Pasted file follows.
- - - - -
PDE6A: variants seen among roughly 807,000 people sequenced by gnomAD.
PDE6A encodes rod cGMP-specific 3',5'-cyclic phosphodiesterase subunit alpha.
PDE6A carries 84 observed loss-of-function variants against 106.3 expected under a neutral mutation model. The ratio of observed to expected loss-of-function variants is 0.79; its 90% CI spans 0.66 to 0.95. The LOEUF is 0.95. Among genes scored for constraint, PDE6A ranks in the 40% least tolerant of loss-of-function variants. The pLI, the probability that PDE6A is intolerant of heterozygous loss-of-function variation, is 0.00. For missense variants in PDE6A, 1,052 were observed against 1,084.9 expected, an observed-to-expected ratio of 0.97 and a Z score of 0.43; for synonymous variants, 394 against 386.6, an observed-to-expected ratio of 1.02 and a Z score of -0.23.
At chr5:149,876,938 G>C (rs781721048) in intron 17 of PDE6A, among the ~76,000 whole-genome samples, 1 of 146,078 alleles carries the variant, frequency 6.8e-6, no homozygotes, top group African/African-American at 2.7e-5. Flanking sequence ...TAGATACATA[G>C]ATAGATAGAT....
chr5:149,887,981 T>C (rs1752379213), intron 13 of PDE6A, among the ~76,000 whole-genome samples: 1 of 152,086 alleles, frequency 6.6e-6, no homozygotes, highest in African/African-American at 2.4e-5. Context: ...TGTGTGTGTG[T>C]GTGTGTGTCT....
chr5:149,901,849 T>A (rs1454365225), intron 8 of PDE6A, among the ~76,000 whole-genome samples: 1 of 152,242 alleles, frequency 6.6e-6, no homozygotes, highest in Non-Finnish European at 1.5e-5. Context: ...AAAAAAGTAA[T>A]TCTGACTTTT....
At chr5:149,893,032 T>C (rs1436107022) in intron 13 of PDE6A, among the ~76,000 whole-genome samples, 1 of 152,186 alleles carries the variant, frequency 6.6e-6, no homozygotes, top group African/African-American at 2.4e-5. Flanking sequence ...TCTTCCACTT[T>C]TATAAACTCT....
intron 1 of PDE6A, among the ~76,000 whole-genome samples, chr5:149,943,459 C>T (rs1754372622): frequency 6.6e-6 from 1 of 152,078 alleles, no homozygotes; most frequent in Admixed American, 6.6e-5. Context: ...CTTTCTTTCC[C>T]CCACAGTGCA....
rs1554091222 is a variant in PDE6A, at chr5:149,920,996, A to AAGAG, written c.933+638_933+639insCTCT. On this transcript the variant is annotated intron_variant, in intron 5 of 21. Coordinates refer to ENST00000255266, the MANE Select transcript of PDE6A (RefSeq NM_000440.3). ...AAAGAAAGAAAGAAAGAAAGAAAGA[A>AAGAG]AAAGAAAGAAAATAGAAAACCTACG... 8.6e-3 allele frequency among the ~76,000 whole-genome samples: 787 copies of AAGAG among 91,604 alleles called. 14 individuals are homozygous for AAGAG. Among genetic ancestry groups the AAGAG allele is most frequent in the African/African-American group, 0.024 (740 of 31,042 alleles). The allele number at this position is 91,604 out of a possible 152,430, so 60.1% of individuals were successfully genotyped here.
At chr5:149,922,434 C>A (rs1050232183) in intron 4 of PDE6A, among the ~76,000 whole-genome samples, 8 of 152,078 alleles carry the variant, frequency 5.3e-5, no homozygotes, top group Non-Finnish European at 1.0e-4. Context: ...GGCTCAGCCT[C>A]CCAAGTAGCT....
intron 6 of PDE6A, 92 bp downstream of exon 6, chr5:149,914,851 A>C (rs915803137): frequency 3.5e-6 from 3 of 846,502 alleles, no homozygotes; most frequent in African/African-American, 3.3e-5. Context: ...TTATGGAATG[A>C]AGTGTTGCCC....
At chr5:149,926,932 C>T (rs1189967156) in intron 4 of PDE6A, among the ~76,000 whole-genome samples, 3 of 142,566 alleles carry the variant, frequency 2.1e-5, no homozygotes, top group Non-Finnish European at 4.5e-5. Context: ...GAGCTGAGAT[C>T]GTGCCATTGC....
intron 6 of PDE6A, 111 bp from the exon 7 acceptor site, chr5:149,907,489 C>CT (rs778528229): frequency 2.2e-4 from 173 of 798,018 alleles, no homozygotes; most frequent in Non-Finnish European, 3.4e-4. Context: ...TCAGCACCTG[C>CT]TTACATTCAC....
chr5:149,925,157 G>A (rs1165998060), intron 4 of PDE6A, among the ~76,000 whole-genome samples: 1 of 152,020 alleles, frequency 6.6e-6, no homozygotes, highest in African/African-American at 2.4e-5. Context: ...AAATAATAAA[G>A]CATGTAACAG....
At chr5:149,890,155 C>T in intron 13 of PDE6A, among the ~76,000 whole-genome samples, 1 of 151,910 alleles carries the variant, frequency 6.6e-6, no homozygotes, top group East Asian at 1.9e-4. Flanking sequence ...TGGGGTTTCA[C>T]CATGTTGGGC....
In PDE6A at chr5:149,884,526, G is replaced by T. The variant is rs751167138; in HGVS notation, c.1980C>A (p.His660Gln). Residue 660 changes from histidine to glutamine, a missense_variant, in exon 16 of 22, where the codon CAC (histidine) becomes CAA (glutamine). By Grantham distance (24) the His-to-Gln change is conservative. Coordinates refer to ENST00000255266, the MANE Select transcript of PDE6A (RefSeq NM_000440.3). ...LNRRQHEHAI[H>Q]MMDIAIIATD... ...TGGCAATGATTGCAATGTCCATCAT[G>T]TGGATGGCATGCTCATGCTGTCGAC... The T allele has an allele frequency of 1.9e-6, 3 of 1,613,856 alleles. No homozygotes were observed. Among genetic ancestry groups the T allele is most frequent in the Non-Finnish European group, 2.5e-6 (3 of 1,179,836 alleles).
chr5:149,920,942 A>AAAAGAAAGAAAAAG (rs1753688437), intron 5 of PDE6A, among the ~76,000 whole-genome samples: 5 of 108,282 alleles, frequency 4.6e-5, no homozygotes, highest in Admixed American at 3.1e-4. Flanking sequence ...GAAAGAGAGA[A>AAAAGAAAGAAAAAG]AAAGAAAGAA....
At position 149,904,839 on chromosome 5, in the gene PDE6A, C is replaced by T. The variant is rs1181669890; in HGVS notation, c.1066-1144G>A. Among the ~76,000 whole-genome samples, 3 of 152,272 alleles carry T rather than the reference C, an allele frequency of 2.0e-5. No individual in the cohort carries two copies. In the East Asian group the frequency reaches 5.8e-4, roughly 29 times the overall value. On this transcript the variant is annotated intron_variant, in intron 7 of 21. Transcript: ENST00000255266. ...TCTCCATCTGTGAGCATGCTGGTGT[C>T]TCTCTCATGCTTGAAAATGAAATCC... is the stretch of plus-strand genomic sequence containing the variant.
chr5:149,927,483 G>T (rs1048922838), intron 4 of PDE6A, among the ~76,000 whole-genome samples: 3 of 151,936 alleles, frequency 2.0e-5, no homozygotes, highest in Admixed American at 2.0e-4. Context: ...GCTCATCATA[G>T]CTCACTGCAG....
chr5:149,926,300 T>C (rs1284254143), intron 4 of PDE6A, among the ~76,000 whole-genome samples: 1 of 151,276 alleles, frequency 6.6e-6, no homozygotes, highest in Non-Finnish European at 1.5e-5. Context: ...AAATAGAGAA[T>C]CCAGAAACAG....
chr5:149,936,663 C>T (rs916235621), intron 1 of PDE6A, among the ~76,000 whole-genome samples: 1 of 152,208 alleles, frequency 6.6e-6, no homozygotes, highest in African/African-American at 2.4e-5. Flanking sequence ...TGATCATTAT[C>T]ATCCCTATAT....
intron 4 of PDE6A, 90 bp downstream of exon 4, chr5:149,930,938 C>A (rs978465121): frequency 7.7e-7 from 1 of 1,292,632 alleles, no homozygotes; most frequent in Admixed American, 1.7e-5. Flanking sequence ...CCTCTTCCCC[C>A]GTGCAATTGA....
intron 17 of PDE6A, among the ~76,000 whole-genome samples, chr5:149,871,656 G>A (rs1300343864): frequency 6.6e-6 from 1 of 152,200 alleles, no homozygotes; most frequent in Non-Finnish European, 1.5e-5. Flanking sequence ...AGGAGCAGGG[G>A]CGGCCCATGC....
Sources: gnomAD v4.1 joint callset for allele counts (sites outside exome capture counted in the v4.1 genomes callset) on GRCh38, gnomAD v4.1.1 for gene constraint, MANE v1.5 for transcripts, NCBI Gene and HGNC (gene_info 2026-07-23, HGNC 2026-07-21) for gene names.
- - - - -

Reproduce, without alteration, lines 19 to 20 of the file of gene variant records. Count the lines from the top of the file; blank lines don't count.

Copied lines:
chr5:149,927,483 G>T (rs1048922838), intron 4 of PDE6A, among the ~76,000 whole-genome samples: 3 of 151,936 alleles, frequency 2.0e-5, no homozygotes, highest in Admixed American at 2.0e-4. Context: ...GCTCATCATA[G>T]CTCACTGCAG....
chr5:149,926,300 T>C (rs1284254143), intron 4 of PDE6A, among the ~76,000 whole-genome samples: 1 of 151,276 alleles, frequency 6.6e-6, no homozygotes, highest in Non-Finnish European at 1.5e-5. Context: ...AAATAGAGAA[T>C]CCAGAAACAG....